“My best, most favorite, memory was when I swiped a book light.” She looked up at Miss Laurie and said, “Don’t look at me like that. I wasn’t stealing, just borrowing. Grandma Sandy figured out I took it, and she never told Miss Laurie or Mr. Dan.”

People in the crowd started chuckling uneasily.

Jenna’s eyes grew wide and she said, “I guess they know about it now!”

The crowd really laughed now, the rumble of laughter turned into a roar.

Jenna realized what the judge had wanted her to say. It was her time to say her lines.

She said, “My name is Jenna Rose Hernandez!”

The crowd was still laughing. The only ones who heard were her new Mom and Dad, but that was enough. More than enough. They bent down and gave her a three-way hug. In a sneaky way, she was glad no one else heard.

The next day was a good day. Miss Teak put her in the Blue Group, the really high readers! Neva and Mon-Unique grinned when she sat down next to them.

She spent lunch recess with the kindergartners and read with them. Sometimes Colton showed up to help. He still squirmed in class, but he was serious when he read to one of the little ones.

She learned to say Mom and Dad instead of Miss Laurie and Mr. Dan. She kept right on saying, Grandma Sandy. It just seemed right. Every once and a while she got to stay overnight at her house in the mountains. Sometimes they would catch the little silver fish with a net. They always had to let them go, but not until Jenna looked at them carefully. The poky fins and especially the gills fascinated her. Grandma Sandy told her about how she once visited a desert called Death Valley. There was a salt river where little fish called pupfish lived.

“You wouldn’t think anything could survive out in that desert, but they do,” Grandma Sandy said. Jenna pleaded with her until she promised to take her there someday.

Her new Dad started practicing for another play. Jenna helped, of course, and she read the lines for the other characters. She made sure she read like a real person, not like a robot.

Her new Mom showed Jenna how to handle a roller paintbrush, and Jenna helped with the kitchen. On one wall, Mom painted a huge weeping willow tree with branches and leaves that spread across the room. Near the trunk she painted a squirrel holding an acorn. Next to the mother squirrel scampered a group of squirrel babies, none of them straying far from their mom.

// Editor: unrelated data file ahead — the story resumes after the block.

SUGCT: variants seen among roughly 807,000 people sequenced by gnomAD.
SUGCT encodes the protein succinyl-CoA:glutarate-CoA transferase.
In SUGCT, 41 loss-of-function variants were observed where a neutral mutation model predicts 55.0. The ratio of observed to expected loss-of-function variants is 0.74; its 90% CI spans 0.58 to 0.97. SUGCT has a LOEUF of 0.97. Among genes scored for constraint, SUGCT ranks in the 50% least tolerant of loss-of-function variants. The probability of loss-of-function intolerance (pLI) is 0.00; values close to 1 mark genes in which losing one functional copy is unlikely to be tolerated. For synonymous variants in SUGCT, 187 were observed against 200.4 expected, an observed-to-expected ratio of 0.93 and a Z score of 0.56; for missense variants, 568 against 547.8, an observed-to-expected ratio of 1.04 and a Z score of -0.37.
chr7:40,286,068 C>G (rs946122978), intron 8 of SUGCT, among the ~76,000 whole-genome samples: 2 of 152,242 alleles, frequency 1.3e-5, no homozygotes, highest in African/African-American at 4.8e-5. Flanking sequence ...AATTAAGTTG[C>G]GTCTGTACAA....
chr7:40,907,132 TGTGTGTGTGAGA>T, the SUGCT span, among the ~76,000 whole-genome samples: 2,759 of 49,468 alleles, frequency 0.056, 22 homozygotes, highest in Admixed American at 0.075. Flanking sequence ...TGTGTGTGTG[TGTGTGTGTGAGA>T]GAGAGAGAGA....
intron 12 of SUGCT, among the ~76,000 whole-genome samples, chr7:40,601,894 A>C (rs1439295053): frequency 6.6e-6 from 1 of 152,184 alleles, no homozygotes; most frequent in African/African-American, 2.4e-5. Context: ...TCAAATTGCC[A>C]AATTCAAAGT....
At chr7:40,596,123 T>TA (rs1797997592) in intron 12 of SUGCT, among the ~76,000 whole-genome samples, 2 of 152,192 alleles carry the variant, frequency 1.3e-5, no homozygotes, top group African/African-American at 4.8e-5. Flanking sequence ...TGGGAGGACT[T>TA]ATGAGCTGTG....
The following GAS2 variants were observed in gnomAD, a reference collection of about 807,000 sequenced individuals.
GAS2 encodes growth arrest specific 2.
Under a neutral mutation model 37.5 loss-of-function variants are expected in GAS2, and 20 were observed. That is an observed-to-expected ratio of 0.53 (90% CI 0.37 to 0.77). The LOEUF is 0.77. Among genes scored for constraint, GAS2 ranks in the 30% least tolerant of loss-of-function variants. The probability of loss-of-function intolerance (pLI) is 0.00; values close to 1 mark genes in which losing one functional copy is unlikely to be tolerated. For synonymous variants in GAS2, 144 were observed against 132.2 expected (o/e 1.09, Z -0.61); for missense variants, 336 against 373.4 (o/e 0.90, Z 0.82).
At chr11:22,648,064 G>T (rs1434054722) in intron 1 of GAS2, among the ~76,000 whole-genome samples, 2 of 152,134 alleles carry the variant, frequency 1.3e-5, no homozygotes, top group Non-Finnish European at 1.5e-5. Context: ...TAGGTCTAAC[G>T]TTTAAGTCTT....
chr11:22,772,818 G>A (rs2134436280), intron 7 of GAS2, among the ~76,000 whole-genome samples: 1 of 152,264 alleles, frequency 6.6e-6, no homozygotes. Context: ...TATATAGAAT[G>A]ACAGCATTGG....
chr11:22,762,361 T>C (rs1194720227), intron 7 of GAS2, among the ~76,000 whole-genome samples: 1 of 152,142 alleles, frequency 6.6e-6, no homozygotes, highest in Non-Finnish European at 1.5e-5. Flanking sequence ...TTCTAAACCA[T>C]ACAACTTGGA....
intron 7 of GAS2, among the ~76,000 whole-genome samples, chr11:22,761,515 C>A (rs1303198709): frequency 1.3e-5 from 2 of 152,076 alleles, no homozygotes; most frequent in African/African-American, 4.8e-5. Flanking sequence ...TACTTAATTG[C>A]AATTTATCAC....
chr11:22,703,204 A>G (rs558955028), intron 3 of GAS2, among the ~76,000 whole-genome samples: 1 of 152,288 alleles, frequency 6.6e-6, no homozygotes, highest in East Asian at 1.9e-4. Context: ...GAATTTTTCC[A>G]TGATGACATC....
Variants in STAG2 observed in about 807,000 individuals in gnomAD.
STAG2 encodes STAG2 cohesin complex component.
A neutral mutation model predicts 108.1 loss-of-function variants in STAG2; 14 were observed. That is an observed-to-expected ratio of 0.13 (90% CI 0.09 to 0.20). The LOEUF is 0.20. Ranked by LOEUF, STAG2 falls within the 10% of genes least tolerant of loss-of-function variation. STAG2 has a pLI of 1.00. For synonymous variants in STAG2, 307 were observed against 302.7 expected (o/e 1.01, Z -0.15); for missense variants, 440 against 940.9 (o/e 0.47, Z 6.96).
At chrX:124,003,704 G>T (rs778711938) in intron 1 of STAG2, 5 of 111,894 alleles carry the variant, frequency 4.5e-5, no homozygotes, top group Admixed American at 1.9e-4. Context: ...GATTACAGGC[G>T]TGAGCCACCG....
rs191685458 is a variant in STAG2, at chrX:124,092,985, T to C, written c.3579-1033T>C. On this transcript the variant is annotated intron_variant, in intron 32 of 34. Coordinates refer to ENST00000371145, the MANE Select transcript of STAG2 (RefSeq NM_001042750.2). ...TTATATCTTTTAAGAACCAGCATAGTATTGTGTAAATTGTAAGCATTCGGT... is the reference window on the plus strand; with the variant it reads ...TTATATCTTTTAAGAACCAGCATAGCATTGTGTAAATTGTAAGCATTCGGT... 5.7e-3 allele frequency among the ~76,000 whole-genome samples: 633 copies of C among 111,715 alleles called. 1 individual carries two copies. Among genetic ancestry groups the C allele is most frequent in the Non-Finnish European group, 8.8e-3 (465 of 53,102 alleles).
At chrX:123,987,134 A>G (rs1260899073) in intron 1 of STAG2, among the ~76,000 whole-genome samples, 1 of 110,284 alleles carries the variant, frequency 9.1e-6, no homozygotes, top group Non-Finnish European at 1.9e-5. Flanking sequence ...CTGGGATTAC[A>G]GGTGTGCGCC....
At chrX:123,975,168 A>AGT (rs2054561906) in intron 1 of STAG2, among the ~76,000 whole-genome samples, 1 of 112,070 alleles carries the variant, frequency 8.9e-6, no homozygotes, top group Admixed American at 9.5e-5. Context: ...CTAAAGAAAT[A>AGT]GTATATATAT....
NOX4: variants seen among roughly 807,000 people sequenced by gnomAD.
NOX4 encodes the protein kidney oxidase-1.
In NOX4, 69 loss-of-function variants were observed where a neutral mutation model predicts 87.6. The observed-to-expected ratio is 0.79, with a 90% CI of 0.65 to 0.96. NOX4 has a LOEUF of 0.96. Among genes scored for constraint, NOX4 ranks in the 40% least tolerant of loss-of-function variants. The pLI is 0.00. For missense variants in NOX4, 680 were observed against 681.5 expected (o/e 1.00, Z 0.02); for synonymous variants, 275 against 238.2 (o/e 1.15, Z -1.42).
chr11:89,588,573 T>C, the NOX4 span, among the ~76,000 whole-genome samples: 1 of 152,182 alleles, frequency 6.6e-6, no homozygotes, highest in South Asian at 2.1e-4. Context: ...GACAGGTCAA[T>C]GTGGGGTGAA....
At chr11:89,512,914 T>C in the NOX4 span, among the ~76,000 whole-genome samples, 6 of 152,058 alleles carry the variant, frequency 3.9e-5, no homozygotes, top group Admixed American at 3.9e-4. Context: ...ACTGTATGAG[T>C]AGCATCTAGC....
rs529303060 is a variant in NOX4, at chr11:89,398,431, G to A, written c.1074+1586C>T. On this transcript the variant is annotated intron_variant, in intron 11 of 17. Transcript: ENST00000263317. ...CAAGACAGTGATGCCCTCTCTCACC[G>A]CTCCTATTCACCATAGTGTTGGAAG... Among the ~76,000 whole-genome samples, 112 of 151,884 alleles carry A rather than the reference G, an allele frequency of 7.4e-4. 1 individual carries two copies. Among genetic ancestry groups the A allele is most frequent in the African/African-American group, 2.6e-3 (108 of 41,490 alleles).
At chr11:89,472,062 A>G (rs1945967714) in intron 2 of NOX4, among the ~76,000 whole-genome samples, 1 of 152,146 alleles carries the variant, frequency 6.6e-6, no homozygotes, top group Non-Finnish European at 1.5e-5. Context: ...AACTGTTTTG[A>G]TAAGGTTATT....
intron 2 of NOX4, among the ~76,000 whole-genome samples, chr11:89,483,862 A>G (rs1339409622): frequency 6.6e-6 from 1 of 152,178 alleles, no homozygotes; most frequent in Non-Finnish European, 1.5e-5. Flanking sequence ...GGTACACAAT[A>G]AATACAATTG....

It was two in the morning when they got the call. She clambered out of bed.

A man knocked at the front door. Mom and Dad let him inside. It was Mr. Harvey, the man who brought Jenna here so many months ago. “Meet Olivia,” he grunted as he came in from the rain.

Olivia was a tiny newborn, and Mr. Harvey carried her. The baby’s face was about the size of Mr. Harvey’s fist. The tiny baby shrieked and cried. Harvey held Olivia in one arm and a couple of plastic bags in the other. “Dirty clothes,” he said. Jenna shivered as a sour, overpowering stench jolted her. She wasn’t sure if the odor came from the infant or the clothes, probably the clothes.

Mom took the plastic bags, and Dad took the baby, cradling her in his arms. Jenna squirmed to get right next to Dad so she could look at the little girl. The crying noises were so quiet, barely a squeak, but a strong, commanding squeak. The sound gave her a chill.

Mom and Mr. Harvey were loading the baby clothes in the washer. Did I smell like that when I got here, wondered Jenna.

“Should we run a bath?” asked Jenna.

Dad grinned and said, “You bet!”

He acted like he had done this before. He shocked Jenna when he took the baby to the kitchen sink, instead of the tub. “She’s too little for the tub,” he explained.

Dad repeated everything he said earlier about holding a newborn. “Support the head. They don’t have any neck muscles…”

“Dad, it’s okay,” said Jenna. “I held my cousin last week.”